James D. St. Clair, 80, a pillar of the Boston bar who made notable appearances before Congress and the federal courts in an effort to save President Richard M. Nixon from the scandal of Watergate, died March 10 at a nursing home in Westwood, Mass. Death followed a long illness.
Few lawyers have faced greater challenges than confronted Mr. St. Clair as the president's attorney in 1974 with the drumbeat of Watergate revelations mounting, his client increasingly beleaguered, and ominous talk circulating of constitutional crisis.
On July 8, 1974, he appeared before the Supreme Court to contend that the president was shielded by executive privilege from the efforts of Watergate Special Prosecutor Leon Jaworski to obtain the notorious Watergate tapes. Ten days later, Mr. St. Clair made his final arguments before the House Judiciary Committee as it prepared articles of impeachment against Nixon in connection with the notorious 1972 break-in at Democratic National Committee headquarters.
One of the members of the committee, Caldwell Butler, was later quoted in "The Final Days," by Bob Woodward and Carl Bernstein, as crediting Mr. St. Clair for a "masterful presentation" that would have carried the day had the panel been a jury.
But the committee voted articles of impeachment, the Supreme Court ruled in the historic case of United States v. Nixon that the tapes would have to be surrendered, and Nixon resigned in August.
Years later, another member of the impeachment panel described Mr. St. Clair as his hero, one whom other lawyers might well emulate. Former representative Robert F. Drinan (D-Mass.), a Jesuit priest, wrote in the newspaper Legal Times in 1996 that Mr. St. Clair "did what lawyers are supposed to do -- tell your client to obey the law and maintain inviolate the confidences of your client."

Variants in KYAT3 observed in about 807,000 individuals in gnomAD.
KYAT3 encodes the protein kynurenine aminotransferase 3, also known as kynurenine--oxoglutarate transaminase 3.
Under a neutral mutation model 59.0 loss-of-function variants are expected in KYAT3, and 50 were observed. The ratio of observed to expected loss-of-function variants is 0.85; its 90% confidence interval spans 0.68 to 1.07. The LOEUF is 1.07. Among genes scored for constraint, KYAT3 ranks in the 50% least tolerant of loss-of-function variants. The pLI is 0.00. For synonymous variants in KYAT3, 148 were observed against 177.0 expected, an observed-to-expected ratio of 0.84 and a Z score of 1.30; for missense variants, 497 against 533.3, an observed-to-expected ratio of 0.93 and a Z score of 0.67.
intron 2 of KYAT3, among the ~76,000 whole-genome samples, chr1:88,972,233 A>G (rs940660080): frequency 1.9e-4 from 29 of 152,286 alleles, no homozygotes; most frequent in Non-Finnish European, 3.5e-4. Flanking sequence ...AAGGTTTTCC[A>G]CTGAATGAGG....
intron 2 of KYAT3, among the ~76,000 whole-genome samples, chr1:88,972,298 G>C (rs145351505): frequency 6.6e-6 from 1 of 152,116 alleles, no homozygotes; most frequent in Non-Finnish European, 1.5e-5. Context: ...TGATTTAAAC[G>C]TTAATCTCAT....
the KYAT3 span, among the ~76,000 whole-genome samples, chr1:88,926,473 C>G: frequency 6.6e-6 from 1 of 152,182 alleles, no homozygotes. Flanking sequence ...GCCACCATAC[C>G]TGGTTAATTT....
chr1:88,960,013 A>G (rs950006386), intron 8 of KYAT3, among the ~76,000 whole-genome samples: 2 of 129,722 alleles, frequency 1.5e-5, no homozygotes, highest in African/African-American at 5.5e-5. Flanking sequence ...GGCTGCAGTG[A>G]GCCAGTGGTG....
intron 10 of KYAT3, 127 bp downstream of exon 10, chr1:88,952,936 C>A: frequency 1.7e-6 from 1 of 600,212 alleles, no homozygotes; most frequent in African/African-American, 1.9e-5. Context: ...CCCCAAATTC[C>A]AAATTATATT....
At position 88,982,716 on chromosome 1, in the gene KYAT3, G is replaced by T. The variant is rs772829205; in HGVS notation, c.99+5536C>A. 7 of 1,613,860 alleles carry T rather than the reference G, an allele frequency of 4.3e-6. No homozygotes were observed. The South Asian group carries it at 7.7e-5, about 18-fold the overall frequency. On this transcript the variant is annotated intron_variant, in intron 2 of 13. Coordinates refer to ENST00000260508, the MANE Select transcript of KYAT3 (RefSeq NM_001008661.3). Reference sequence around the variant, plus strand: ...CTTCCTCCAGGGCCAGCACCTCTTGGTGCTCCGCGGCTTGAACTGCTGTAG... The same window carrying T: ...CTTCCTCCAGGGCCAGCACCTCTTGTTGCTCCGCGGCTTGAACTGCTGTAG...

Twenty-two years after Nixon resigned, Drinan wrote, "Mr. St. Clair continues to refuse to write, speak or even refer to his role as counsel" to the former president.
In their book, Woodward and Bernstein wrote that Mr. St. Clair, who had long been a lawyer with the firm of Hale and Dorr, was unmatched in trial preparation and "was reputed to be a courtroom wizard."
Before Watergate, he had been in Washington in the 1950s as an assistant to Joseph Welch in representing the U.S. Army before the Senate investigating panel led by Sen. Joseph R. McCarthy (R-Wis.)
Mr. St. Clair was born in Akron, Ohio, and graduated from the University of Illinois. He received a law degree from Harvard in 1947 after studies that were interrupted by Navy service in World War II.
During more than 40 years at Hale and Dorr, he dealt with many high-profile assignments, including some in which his time was donated. In one criminal defense case, bodyguards accompanied him to court. In a 1984 interview with the Boston Globe, he declined to disclose the advice he gave Nixon but said, "I approve of the fact that he did resign in the national interest."
Survivors include his wife, three children and eight grandchildren.